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Ian Grist (5 December 1938 – 2 January 2002) was a British Conservative politician.

Ian Grist
Member of the United Kingdom Parliament
for Cardiff Central
In office
9 June 1983 – 9 April 1992
Preceded bynew constituency
Succeeded byJon Owen Jones
Member of the United Kingdom Parliament
for Cardiff North
In office
28 February 1974 – 9 June 1983
Preceded byMichael Roberts
Succeeded byGwilym Jones
Personal details
Born5 December 1938
Southampton, England
Died2 January 2002(2002-01-02) (aged 63)
Political partyConservative
Spouse(s)Wendy White
Alma materJesus College, Oxford

Grist was Member of Parliament (MP) for Cardiff North from February 1974 to 1983, and for Cardiff Central from 1983 until 1992.

Early lifeEdit

Grist was born in Southampton. First he went to prep school in Broadstairs, Kent, after which he was sent to Repton School. Having won a scholarship[1] he studied History at Jesus College, Oxford from 1957 to 1960.[2][3] He had joined the Young Conservatives in 1956[1] and in Oxford became Jesus College Conservative Association's secretary.[4][5]


At first Grist wanted a career as a colonial administrator. In 1960 he went to the Southern Cameroons as a plebiscite officer, and in 1961 he moved to Nigeria, working as a manager for the United Africa Company. In 1963 he returned to Britain.[1][4]

On his return he became the Tories' Welsh political education officer, and worked for the party as a researcher from 1970 to 1974. In the 1970 general election he stood for election in Aberavon, a Labour stronghold, and lost. However, he won the marginal Cardiff North constituency in the February 1974 election.[1]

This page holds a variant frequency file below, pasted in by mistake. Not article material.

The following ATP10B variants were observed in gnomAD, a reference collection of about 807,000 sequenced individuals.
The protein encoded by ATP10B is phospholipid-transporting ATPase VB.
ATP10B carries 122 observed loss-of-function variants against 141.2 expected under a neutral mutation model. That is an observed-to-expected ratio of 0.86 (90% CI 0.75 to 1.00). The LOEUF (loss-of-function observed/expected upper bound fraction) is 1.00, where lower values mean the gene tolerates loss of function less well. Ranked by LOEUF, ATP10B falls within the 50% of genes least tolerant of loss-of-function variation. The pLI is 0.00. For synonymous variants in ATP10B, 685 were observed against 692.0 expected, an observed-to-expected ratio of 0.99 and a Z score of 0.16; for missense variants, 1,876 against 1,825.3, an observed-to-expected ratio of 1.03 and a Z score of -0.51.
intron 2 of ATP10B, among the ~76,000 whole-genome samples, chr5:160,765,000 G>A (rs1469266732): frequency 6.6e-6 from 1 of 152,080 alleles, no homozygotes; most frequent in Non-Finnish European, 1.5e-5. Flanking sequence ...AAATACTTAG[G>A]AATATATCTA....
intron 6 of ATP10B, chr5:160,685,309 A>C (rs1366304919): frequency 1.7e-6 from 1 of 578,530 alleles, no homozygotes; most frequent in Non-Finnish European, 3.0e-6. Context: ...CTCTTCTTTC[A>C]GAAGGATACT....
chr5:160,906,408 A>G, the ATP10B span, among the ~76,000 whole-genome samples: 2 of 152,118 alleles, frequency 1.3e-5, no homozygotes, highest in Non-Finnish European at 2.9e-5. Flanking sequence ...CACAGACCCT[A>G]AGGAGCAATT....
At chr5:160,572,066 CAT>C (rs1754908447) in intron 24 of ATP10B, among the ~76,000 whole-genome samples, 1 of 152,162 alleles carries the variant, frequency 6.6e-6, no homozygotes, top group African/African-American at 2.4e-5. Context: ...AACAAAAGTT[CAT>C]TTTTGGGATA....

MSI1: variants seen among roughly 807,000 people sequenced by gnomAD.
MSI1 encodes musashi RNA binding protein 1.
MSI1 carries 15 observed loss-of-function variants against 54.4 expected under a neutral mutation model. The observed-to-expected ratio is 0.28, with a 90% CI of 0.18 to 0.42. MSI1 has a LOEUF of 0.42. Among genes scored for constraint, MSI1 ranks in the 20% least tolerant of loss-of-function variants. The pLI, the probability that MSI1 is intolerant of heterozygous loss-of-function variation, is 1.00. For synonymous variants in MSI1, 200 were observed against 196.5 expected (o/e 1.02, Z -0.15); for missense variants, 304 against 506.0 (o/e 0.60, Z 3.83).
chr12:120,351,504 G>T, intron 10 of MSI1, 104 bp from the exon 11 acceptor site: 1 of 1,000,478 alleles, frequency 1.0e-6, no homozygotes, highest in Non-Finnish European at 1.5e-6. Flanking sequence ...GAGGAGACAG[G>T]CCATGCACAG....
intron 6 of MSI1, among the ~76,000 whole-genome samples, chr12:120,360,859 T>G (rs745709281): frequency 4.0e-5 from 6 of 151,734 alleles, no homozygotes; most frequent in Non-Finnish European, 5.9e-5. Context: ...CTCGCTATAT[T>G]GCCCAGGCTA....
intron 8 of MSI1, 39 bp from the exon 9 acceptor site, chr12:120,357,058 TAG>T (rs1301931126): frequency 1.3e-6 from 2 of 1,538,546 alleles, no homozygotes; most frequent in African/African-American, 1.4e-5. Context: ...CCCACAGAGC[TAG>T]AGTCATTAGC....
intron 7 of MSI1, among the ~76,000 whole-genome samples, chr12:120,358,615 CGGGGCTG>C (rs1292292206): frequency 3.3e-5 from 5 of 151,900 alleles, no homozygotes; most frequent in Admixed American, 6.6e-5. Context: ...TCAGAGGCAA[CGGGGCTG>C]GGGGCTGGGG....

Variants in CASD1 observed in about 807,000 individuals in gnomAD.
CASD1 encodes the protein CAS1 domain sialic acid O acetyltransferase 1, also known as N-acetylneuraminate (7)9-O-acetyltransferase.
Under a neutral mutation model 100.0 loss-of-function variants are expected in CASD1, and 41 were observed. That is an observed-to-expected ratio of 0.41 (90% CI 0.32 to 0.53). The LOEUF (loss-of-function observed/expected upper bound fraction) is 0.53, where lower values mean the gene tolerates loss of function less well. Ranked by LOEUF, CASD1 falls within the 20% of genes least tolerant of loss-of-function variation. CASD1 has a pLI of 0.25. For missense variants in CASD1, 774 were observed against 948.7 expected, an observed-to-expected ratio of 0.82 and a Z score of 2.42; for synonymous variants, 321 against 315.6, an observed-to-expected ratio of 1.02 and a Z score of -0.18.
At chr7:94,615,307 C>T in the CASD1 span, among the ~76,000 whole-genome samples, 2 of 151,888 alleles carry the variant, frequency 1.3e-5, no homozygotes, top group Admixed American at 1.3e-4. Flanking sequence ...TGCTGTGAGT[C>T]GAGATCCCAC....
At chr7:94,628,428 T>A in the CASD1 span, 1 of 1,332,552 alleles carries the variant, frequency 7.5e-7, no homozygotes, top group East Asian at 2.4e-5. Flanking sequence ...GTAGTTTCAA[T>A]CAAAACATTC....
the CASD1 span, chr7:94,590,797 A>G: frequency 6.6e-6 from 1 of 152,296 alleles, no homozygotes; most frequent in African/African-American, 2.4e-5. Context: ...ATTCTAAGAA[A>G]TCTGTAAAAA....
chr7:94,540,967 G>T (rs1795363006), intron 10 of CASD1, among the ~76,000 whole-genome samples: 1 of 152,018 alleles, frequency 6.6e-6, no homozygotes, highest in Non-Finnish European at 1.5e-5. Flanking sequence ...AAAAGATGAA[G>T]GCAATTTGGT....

Member of ParliamentEdit

Grist was known as a very assiduous Member of Parliament, who worked hard for his constituents and preferred to handle their complaints, rather than focus on his career. This enabled him to hold off several challenges in his marginal seat. When the Tories returned to power in 1979 he was appointed Parliamentary Private Secretary to Nicholas Edwards, the new Welsh Secretary, but he resigned in 1981. He returned to focusing on local issues.[1]

Following boundary changes Grist stood for Cardiff Central in the 1983 general election and won.[5] In the 1987 election he held the seat by fewer than 2000 votes in what was the "closest three-way contest in Wales".[6]

In 1987 Margaret Thatcher surprisingly appointed him Parliamentary Under-Secretary of State for Wales, a post for which his signature posed a problem ("I. Grist" signifying "Jesus Christ" in Welsh[1]), and remained in the position until he was sacked by John Major in 1990.[4] In the 1992 general election he lost Cardiff Central to Labour Co-operative candidate Jon Owen Jones.[7]

Outside ParliamentEdit

After losing his seat Grist was made the chairman of South Glamorgan Health Authority, a post he held until 1996, when he retired due to ill health.[1][7] His appointment was regarded as controversial.[7]

Political viewsEdit

While in opposition, Grist attacked Welsh devolution, unions, pop festivals and Neil Kinnock, whom he described as "neo-Marxist".[1] Under Thatcher he opposed the poll tax and the privatisation of water companies. He also supported the British-American alliance. In social matters, he opposed the death penalty, restrictions on abortion, and school corporal punishment. A pro-European, he supported Michael Heseltine's leadership challenge.[4]

Personal life and deathEdit

In 1966 he married Wendy White.[1] They had two sons, Julian and Toby.[4]

On the second day of 2002, Grist died of a stroke at the age of 63.[4]


  1. ^ a b c d e f g h i "Ian Grist". The Daily Telegraph. 12 January 2002. Retrieved 4 August 2014.
  2. ^ "Old Members' Obituaries (reprinted from the obituary printed in The Times on 8 January 2002)". The Jesus College Record: 93–4.
  3. ^ "GRIST, Ian". Who Was Who (subscription access). January 2007. Retrieved 19 July 2007.
  4. ^ a b c d e f Roth, Andrew (22 January 2002). "Ian Grist". The Guardian. Retrieved 4 August 2014.
  5. ^ a b Jones, John Graham. "Ian Grist". National Library of Wales. Retrieved 4 August 2014.
  6. ^ Waller, Robert; Criddle, Byron (1999). The Almanac of British politics (6th ed.). London: Routledge. p. 142. ISBN 9780415185417. Retrieved 4 August 2014.
  7. ^ a b c Tindle, Greg (10 January 2002). "Tributes are paid to former MP Ian Grist". South Wales Echo. Retrieved 4 August 2014.
Parliament of the United Kingdom
Preceded by
Michael Roberts
Member of Parliament for Cardiff North
February 19741983
Succeeded by
Gwilym Jones
New constituency Member of Parliament for Cardiff Central
Succeeded by
Jon Owen Jones